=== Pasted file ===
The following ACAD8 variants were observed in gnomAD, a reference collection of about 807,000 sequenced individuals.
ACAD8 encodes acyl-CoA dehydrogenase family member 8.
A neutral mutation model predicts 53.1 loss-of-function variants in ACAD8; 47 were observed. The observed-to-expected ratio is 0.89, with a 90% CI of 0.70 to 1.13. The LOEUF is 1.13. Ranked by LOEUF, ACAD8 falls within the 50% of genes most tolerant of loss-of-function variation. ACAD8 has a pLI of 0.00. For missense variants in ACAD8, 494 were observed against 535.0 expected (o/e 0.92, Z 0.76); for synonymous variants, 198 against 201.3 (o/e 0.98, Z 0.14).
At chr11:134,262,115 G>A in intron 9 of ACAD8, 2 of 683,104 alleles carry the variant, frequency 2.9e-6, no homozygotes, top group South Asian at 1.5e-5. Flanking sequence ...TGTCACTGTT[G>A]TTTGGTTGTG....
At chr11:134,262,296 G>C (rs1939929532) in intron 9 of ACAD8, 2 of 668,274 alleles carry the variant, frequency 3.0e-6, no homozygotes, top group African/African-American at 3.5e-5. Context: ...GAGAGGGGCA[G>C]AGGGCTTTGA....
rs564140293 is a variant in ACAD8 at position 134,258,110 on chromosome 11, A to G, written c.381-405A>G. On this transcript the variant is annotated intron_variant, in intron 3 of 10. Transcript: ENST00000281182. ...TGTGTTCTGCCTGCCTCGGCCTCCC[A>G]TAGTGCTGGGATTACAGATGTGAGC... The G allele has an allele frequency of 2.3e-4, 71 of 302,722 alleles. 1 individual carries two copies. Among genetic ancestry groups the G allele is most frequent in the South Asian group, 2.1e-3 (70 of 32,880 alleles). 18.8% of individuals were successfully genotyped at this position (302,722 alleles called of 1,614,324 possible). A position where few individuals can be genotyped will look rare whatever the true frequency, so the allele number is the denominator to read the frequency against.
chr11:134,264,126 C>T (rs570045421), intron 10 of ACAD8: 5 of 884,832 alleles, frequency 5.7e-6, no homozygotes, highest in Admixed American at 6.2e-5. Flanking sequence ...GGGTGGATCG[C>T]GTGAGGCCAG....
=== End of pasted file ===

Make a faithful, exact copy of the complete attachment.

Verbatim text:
The following ACAD8 variants were observed in gnomAD, a reference collection of about 807,000 sequenced individuals.
ACAD8 encodes acyl-CoA dehydrogenase family member 8.
A neutral mutation model predicts 53.1 loss-of-function variants in ACAD8; 47 were observed. The observed-to-expected ratio is 0.89, with a 90% CI of 0.70 to 1.13. The LOEUF is 1.13. Ranked by LOEUF, ACAD8 falls within the 50% of genes most tolerant of loss-of-function variation. ACAD8 has a pLI of 0.00. For missense variants in ACAD8, 494 were observed against 535.0 expected (o/e 0.92, Z 0.76); for synonymous variants, 198 against 201.3 (o/e 0.98, Z 0.14).
At chr11:134,262,115 G>A in intron 9 of ACAD8, 2 of 683,104 alleles carry the variant, frequency 2.9e-6, no homozygotes, top group South Asian at 1.5e-5. Flanking sequence ...TGTCACTGTT[G>A]TTTGGTTGTG....
At chr11:134,262,296 G>C (rs1939929532) in intron 9 of ACAD8, 2 of 668,274 alleles carry the variant, frequency 3.0e-6, no homozygotes, top group African/African-American at 3.5e-5. Context: ...GAGAGGGGCA[G>C]AGGGCTTTGA....
rs564140293 is a variant in ACAD8 at position 134,258,110 on chromosome 11, A to G, written c.381-405A>G. On this transcript the variant is annotated intron_variant, in intron 3 of 10. Transcript: ENST00000281182. ...TGTGTTCTGCCTGCCTCGGCCTCCC[A>G]TAGTGCTGGGATTACAGATGTGAGC... The G allele has an allele frequency of 2.3e-4, 71 of 302,722 alleles. 1 individual carries two copies. Among genetic ancestry groups the G allele is most frequent in the South Asian group, 2.1e-3 (70 of 32,880 alleles). 18.8% of individuals were successfully genotyped at this position (302,722 alleles called of 1,614,324 possible). A position where few individuals can be genotyped will look rare whatever the true frequency, so the allele number is the denominator to read the frequency against.
chr11:134,264,126 C>T (rs570045421), intron 10 of ACAD8: 5 of 884,832 alleles, frequency 5.7e-6, no homozygotes, highest in Admixed American at 6.2e-5. Flanking sequence ...GGGTGGATCG[C>T]GTGAGGCCAG....